I never met him. I don’t think I ever even saw him, but Peter Brook, who died earlier this month at the age of 97, influenced my life.
I did not go to live theater growing up…unless a high school production of Our Town counts. Perhaps there were other forgotten school shows. Did the town have a community theater? I don’t remember it. But there was no professional theater, and our family was not the sort of family that would go to the larger city to see any.
In college, however, I took a course in modern drama. We saw a few classic movies—I remember M and Treasure of the Sierra Madre–but mostly we read plays. I found almost every one of them interesting, and I still remember many of them. On the other hand, I don’t remember any specific lecture by Alan Downer, the professor. They must have been informative, however, for I feel as though I have a fairly solid grasp of the development of modern drama, and that had to come from him.
There was a professional theater associated with the university, and I remember seeing Hedda Gabler, and I probably saw other productions, and I do remember seeing a roommate in a student presentation of Mother Courage. Playgoing, however, was akin to hearing the Modern Jazz Quartet, going to a ballet, or attending a fencing match; I had not experienced these things growing up, and I wanted to. I certainly had not yet learned the real power of the stage.
That changed soon after I moved to New York, and it came about because of Peter Brook. I was lucky enough to attend his now legendary Royal Shakespeare Company production of A Midsummer Night’s Dream at the Brooklyn Academy of Music. I learned that night that a script can be read, but that a play must be seen. This was not Shakespeare of the drab printed word, but the creation of a magical world on the stage. It drew me in. It was more immediate than any movie could ever be. It required live actors, a stage, and an audience. And a special director who used a nearly bare stage, trapezes, unexpectedly outrageous costume, twirly thingies that glowed in the dark and produced an ethereal sound. I laughed out loud, was moved, and learned that the theater could present an experience that could not be had anywhere else.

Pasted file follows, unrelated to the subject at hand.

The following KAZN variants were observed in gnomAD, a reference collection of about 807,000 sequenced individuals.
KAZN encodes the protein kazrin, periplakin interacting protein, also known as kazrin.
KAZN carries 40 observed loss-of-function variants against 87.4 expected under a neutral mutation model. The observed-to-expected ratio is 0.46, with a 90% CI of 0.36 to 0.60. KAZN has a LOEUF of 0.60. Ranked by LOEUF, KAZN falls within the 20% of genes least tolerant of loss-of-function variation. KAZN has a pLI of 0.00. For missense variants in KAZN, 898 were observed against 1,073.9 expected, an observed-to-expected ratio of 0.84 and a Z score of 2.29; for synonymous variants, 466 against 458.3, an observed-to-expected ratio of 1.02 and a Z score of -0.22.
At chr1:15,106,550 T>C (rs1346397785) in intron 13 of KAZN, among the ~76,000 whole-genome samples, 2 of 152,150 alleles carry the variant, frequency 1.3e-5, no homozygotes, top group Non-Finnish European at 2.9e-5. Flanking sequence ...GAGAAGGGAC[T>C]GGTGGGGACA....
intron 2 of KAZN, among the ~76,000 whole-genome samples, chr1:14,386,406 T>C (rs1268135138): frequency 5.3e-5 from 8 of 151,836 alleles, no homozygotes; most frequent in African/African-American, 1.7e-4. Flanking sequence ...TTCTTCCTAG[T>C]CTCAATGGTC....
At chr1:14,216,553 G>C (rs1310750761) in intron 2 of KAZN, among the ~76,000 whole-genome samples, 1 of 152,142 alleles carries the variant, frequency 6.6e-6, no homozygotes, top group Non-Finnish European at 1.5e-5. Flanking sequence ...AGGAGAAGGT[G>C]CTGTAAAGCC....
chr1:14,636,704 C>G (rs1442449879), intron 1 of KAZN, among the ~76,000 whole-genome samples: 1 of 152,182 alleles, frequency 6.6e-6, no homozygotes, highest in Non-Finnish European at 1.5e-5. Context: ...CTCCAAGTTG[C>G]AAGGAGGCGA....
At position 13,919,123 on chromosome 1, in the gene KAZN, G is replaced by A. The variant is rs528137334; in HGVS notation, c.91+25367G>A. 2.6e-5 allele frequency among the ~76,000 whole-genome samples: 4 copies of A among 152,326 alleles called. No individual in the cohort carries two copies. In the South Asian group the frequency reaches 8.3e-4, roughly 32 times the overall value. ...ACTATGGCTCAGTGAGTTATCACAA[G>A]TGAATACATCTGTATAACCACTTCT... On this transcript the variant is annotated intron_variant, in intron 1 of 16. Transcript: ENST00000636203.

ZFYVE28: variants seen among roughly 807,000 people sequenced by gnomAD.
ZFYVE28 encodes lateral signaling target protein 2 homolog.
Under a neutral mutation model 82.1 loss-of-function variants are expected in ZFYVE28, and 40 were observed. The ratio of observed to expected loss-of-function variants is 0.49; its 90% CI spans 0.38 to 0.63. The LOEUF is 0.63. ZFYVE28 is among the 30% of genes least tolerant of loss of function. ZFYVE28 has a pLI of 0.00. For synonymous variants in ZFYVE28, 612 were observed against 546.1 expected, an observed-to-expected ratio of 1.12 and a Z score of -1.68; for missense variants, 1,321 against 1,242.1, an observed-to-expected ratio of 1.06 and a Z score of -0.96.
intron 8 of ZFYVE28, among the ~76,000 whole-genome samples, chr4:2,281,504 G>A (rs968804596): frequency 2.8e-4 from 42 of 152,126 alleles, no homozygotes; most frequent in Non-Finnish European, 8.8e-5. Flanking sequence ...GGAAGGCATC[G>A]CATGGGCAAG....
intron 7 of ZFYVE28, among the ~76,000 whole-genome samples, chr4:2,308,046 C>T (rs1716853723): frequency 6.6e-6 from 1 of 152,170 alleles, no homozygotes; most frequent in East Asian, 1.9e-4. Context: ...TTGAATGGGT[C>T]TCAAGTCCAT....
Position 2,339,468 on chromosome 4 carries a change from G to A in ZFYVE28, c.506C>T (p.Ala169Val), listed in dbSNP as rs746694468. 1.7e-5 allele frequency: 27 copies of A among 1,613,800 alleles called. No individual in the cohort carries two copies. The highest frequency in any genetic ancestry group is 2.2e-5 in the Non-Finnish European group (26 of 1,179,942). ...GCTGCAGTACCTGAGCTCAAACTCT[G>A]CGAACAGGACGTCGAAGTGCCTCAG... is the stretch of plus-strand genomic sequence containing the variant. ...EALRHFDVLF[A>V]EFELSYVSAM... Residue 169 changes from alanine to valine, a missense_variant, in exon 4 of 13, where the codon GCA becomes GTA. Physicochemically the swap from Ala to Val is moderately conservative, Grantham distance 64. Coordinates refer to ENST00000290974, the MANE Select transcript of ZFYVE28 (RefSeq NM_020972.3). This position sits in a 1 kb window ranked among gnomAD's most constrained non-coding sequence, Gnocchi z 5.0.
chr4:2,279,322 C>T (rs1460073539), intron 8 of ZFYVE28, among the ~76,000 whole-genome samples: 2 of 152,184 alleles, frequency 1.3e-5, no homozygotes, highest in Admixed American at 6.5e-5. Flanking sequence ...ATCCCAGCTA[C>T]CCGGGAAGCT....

I have now seen a half-dozen or more of Peter Brook’s other theatrical productions, some in the last few years since The Brooklyn Academy of Music, and The Theatre for a New Audience, a block away from BAM, were his American homes. They are both mere blocks from my own home. Each production that I have seen had something of interest that could only be done with live actors on the stage.
I was lucky enough to experience another of Brook’s legendary efforts, The Mahabharata, the production that christened the opening of The Harvey Theater at BAM. In the heyday of movie palaces, the building had been one of those gilded theaters, but, like almost all of them, it had closed as TV rose to prominence. It became a bowling alley, I am told. However, I had only known it as a bricked up, decrepit building like many of its neighbors.
The Brooklyn Academy, in collaboration with Brook, decided to turn it into a live theater in the mid-1980s but not into a sleek, modern space with plush seats. Instead, Brook liked the look of decay the place had. The cracked plaster and paint-peeling walls remained. Backless, hardwood benches were installed because this was what Brook wanted for his staging of the ancient Sanskrit epic.
For some theatergoers, Peter Brook is such a powerful figure that they claim to have seen his Dream when they could not have. I think of that when I claim to have seen his Mahabharata. Those benches (subsequently replaced with human seating) were unbearable for a one-act play; the Mahabharata was a seven, or perhaps nine, or maybe even an eleven-hour play. (One could attend it over several days.) I don’t know its actual length because I did not make it to its conclusion. I am only confident that it did end because I have been to that theater many times since, and The Mahabharata is not still on the stage. The seats were uncomfortable, yes, but following the complex interaction of gods and humans was dizzying, and the spouse and I had little idea what was going on. At a break in the “action” (were there even intermissions?) the spouse and I sneaked out, forgetting that where we exited was also a place where actors gathered awaiting their entrances. As we embarrassedly slipped by them, in the days before cellphones, I nonsensically mumbled, “Babysitter problems” to explain our departure.
So I learned from Peter Brook that theater could be magical and produce an experience that could not be had elsewhere. There have been many more special moments since I started going to plays, and there have been many special productions. I now go to the theater a couple dozen times a year, and something important or magical or special does not always happen, but it happens often enough that I continue going. And I thank Peter Brook’s A Midsummer Night’s Dream for initiating me into the joys of the theater.
But I also learned from Peter Brook that theater sometimes comes with uncomfortable seats and puzzling plots. Then, you just have to get up and go home.